The other crazy counterpoint to the "SS can move to other positions easily" stance (which I agree with as a general statement) is Hanley Ramirez. He had ~800 games as a below average but playable SS before he meaningfully played anywhere else. And then proceeded to be bad at 3B, 1B, and then hilariously bad in LF. If you just look at the numbers, it's like he lost an eye.
   19. BDC Posted: November 16, 2021 at 10:07 AM (#6053095)
Thanks to all for this detailed information on shortstops and positions in general - very interesting material and helpful in thinking about players' futures.
   20. jacksone (AKA It's OK...) Posted: November 16, 2021 at 02:22 PM (#6053167)
Bill Russell played OF in the minors 66-68 and mostly OF in the majors from 69-71, almost no SS. Then in 72 the Dodgers made him the starting SS, TZ says he was about average but he quickly became very good and remained a very good SS through 1983. In 84 age caught up to him and he was a floating bench player, below-average TZ when at SS.


Pretty phenomenal career when you consider he was also moonlighting as an NBA player, and he was 50 in '84, so no real surprise age finally caught up to him a bit.
   21. Howie Menckel Posted: November 16, 2021 at 05:10 PM (#6053195)
Correa may have narrowed his lit of suitors by one, as this came out today:

"Speaking on the "Me Gustan Los Deportes" podcast last week with former MLB second baseman Carlos Baerga, Correa, who won his first Gold Glove this season, took issue with the five Gold Gloves the former New York Yankees shortstop won during his 20-year career.

"Derek Jeter, how many Gold Gloves did he win?," Correa asked. "Five, I think he won. ... Derek Jeter didn't deserve any."

..........

[he's not wrong, but....]
   22. Bhaakon Posted: November 16, 2021 at 06:47 PM (#6053206)
The other crazy counterpoint to the "SS can move to other positions easily" stance (which I agree with as a general statement) is Hanley Ramirez. He had ~800 games as a below average but playable SS before he meaningfully played anywhere else. And then proceeded to be bad at 3B, 1B, and then hilariously bad in LF. If you just look at the numbers, it's like he lost an eye.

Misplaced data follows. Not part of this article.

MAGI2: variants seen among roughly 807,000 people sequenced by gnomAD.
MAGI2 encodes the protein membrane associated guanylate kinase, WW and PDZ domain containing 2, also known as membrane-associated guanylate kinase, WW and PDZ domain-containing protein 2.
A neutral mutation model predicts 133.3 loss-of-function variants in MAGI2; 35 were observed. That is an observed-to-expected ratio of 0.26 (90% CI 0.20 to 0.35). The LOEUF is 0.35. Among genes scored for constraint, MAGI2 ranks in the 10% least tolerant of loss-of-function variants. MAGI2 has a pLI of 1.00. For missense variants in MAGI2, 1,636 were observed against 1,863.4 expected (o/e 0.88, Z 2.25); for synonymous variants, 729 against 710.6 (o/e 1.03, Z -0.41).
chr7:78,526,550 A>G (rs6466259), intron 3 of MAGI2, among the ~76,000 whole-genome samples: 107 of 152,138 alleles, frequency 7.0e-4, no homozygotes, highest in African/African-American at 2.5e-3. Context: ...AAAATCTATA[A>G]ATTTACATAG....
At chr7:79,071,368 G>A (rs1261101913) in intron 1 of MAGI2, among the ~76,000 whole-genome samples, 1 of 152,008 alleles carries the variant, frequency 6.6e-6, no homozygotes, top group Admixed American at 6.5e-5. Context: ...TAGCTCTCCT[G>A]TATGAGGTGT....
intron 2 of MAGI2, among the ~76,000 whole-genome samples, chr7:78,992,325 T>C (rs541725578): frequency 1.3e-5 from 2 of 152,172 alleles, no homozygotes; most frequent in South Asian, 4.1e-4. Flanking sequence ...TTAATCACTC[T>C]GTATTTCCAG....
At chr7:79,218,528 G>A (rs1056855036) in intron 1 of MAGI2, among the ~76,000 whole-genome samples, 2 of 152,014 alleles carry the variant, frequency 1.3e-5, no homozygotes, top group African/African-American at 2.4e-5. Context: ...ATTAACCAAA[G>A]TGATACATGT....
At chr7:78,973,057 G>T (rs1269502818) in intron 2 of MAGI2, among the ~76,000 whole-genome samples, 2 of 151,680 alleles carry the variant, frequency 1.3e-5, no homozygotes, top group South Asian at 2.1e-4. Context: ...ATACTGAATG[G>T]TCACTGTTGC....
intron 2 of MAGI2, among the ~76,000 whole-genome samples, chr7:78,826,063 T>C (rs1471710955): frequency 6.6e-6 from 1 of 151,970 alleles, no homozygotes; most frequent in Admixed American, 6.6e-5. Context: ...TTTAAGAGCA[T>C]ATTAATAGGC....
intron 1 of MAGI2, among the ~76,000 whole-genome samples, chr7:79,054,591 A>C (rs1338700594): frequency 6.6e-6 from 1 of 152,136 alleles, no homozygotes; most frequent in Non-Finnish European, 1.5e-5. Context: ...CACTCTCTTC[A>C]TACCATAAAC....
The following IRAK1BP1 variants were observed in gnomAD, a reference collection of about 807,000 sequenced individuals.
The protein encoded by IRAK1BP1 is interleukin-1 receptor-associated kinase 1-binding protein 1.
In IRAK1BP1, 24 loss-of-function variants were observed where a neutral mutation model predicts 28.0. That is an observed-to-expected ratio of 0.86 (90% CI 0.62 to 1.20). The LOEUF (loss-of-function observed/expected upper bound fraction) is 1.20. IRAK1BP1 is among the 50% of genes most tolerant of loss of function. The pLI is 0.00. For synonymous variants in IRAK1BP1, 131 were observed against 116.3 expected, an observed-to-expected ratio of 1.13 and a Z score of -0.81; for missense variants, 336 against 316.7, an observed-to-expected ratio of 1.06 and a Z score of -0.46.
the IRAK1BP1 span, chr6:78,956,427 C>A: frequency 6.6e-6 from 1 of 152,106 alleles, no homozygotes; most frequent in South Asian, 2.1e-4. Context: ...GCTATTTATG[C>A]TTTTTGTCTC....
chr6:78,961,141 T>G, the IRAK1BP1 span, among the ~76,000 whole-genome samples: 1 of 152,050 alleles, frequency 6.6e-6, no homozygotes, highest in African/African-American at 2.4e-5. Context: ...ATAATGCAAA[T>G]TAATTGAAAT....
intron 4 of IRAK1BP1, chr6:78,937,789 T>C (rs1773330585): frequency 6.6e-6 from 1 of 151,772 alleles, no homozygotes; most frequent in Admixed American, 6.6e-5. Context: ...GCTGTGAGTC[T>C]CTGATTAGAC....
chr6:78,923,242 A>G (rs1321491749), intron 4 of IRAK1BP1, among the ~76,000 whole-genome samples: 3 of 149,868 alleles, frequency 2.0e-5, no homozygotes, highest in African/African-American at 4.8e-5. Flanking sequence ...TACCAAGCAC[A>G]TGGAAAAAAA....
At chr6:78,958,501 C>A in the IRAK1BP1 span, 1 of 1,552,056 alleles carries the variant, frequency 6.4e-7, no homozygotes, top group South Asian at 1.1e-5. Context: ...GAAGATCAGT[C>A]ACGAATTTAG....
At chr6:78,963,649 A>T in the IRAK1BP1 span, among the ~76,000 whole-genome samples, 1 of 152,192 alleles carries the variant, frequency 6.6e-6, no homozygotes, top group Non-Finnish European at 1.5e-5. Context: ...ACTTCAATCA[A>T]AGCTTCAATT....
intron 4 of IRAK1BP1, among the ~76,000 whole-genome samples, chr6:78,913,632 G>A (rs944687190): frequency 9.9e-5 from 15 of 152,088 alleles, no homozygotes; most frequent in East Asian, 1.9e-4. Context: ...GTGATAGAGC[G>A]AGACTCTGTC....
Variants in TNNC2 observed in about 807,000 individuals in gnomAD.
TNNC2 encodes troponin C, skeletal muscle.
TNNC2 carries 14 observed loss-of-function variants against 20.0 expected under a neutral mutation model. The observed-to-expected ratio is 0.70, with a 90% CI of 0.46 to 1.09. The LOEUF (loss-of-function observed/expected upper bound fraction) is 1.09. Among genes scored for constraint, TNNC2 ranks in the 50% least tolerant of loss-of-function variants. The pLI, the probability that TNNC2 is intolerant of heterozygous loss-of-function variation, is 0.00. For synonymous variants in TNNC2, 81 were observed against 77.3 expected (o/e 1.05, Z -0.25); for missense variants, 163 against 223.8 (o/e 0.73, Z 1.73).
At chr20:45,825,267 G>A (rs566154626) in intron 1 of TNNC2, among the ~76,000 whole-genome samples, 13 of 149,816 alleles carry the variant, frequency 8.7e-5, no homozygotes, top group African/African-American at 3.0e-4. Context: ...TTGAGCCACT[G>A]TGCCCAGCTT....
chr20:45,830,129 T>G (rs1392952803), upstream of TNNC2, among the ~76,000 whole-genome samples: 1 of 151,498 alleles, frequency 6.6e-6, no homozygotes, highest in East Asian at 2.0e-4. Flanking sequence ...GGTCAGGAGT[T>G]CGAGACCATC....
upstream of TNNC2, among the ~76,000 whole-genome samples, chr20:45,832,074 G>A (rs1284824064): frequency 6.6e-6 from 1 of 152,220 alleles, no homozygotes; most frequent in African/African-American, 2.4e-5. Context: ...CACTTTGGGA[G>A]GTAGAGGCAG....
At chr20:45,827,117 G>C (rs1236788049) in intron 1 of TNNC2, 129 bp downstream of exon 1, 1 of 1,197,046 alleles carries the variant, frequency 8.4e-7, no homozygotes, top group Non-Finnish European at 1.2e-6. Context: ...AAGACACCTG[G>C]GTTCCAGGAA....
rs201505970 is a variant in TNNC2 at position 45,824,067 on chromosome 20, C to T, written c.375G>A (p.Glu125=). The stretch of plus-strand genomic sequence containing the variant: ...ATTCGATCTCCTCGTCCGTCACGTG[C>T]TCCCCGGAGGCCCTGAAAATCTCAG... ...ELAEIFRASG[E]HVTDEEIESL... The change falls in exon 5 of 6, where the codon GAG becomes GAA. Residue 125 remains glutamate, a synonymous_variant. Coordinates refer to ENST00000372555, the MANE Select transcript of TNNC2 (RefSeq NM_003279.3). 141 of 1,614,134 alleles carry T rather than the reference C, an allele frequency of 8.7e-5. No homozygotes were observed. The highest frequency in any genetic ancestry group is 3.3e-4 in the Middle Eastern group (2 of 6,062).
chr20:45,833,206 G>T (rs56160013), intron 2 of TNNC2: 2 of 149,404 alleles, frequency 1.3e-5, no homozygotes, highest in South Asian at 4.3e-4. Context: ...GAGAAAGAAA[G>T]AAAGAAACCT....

The relevant question is probably less "Can a typical SS be reasonably expected to transition well to 2B/3B?" and more "Why is this particular player no longer playing SS?"

   23. The Yankee Clapper Posted: November 16, 2021 at 07:52 PM (#6053210)
AROD is another answer here.
To what question?
Who (along with others) just bought the Trump Hotel in Washington, DC?
Former president Donald Trump’s real estate company plans to sell the federal lease to its luxury D.C. hotel to Miami-based CGI Merchant Group, according to a report Sunday in the Wall Street Journal.
. . .
An investment firm whose investors include former Major League Baseball star Alex Rodriguez, CGI Merchant announced a fund last year through which it acquires hotels and partners with McLean, Va.-based Hilton Worldwide to operate them.
   24. Srul Itza Posted: November 16, 2021 at 08:48 PM (#6053217)
I think there are two real distinctions between Correa and Seager, who are very similar hitters:


Also, Correa has apparently found one area where he can be honest:

Carlos Correa: Derek Jeter 'didn't deserve any' of his five Gold Gloves

As the kid today (or was it 15 years ago) say, "Oh, Snap!"